Wireshark provides tshark and dumpcap, and I've also seen people using the wireshark binary or even tcpdump to collect/save network traffic.

Online it is claimed that tshark or dumpcap hardly make a difference though. There are also some other discussion about the memory footprint.

So what is the difference between these tools? Is one newer than another one (i.e. is one "legacy" and should not be used anymore) and are there other – generally accepted – recommendations for which to use?

Edit: I've seen this question, but it just explains the basics. So if you have a use-case of just collect traffic, what should one use here? Or more general: Which tool can satisfy which use case?


2 Answers 2


Wireshark is a graphical application. tshark is that application without the GUI. (i.e. command line.) dumpcap, per Wireshark's documentation, is "a small program whose only purpose is to capture network traffic, while retaining advanced features like capturing to multiple files (since version 0.99.0). Dumpcap is the engine under the Wireshark/tshark hood." All three applications can write to a file. Wireshark's GUI can select which packets one wants to save. (tshark will record everything.)

tcpdump is a different, older, traffic capture application. It never had a GUI. And has a very different filter syntax, and capture packet format.

(Personal preference... I use tcpdump at the command line and for capture files. Then use Wireshark to look at the traffic in detail.)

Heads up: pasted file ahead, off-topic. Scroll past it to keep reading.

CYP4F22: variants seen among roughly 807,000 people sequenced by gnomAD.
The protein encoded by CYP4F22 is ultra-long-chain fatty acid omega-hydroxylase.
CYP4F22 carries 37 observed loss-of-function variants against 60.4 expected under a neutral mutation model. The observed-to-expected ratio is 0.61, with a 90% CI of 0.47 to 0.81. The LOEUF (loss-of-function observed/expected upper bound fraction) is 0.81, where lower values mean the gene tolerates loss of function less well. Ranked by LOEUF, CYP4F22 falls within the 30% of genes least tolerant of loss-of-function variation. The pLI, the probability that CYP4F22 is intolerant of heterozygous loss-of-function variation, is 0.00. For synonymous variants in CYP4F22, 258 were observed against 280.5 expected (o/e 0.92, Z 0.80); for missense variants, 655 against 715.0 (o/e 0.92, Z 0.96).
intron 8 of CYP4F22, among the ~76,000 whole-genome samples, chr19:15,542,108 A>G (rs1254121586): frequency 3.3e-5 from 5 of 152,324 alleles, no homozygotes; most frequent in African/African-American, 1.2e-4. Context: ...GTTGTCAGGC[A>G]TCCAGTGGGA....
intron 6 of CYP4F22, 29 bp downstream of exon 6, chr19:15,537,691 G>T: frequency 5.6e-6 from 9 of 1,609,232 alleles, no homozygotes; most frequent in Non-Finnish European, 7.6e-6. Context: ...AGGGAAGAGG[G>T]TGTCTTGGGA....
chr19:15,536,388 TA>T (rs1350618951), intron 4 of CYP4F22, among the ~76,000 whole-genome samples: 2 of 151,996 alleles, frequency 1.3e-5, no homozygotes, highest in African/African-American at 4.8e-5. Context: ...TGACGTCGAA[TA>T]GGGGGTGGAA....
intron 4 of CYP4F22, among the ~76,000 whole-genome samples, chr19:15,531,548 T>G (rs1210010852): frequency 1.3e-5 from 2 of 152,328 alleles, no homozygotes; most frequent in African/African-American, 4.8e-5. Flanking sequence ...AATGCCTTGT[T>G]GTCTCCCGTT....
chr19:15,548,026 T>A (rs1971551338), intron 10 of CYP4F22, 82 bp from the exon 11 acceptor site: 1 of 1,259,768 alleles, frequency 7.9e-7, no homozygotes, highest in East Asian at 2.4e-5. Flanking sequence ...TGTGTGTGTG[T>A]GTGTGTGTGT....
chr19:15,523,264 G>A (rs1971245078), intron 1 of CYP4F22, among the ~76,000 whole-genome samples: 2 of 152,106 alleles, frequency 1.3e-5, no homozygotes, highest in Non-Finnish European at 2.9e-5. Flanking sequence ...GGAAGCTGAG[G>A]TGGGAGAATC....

What people will use it depends on their knowledge but also on tool availability on the system. Because of graphical user interface I prefer to use wireshark. Also it has a lot of knowledge about decoding protocols and presenting the composing fields (and it helps you use those fields to make custom display filters).

Note: filter syntax used to select captured packets is different from the display filter.

tshark & dupmcap (present in wireshark distribution) are command line tools used to capture network traffic from terminal.

Note: tshark uses dumpcap.

So when it is possible to lose packets (LAN speed is so big that matches capture&writing speed) use dumpcap. See info & video from https://www.networkcomputing.com/networking/wireshark-packet-capture-tshark-vs-dumpcap.

Both tools have nice features as in capture in files and limit the packets size, file size or even the number of files (and you can use them circularly). See https://www.wireshark.org/docs/man-pages/dumpcap.html and https://www.wireshark.org/docs/man-pages/tshark.html.

To underline what is writeen above, I would like to quote https://tshark.dev/capture/dumpcap/: "Dumpcap is the part of the wireshark suite that captures packets. Unlike Wireshark and tshark, dumpcap cannot see non-physical interfaces like extcap interfaces. tshark has most of the same flags that dumpcap has because tshark calls dumpcap for much of its capture functionality."

But wireshark&comp it is not installed on all systems. So I am using tcpdump in command line when wireshark is not available or when I want quickly to debug network/routing issues (e.g. I want to see only if the packets are flowing in both ways on a known port).

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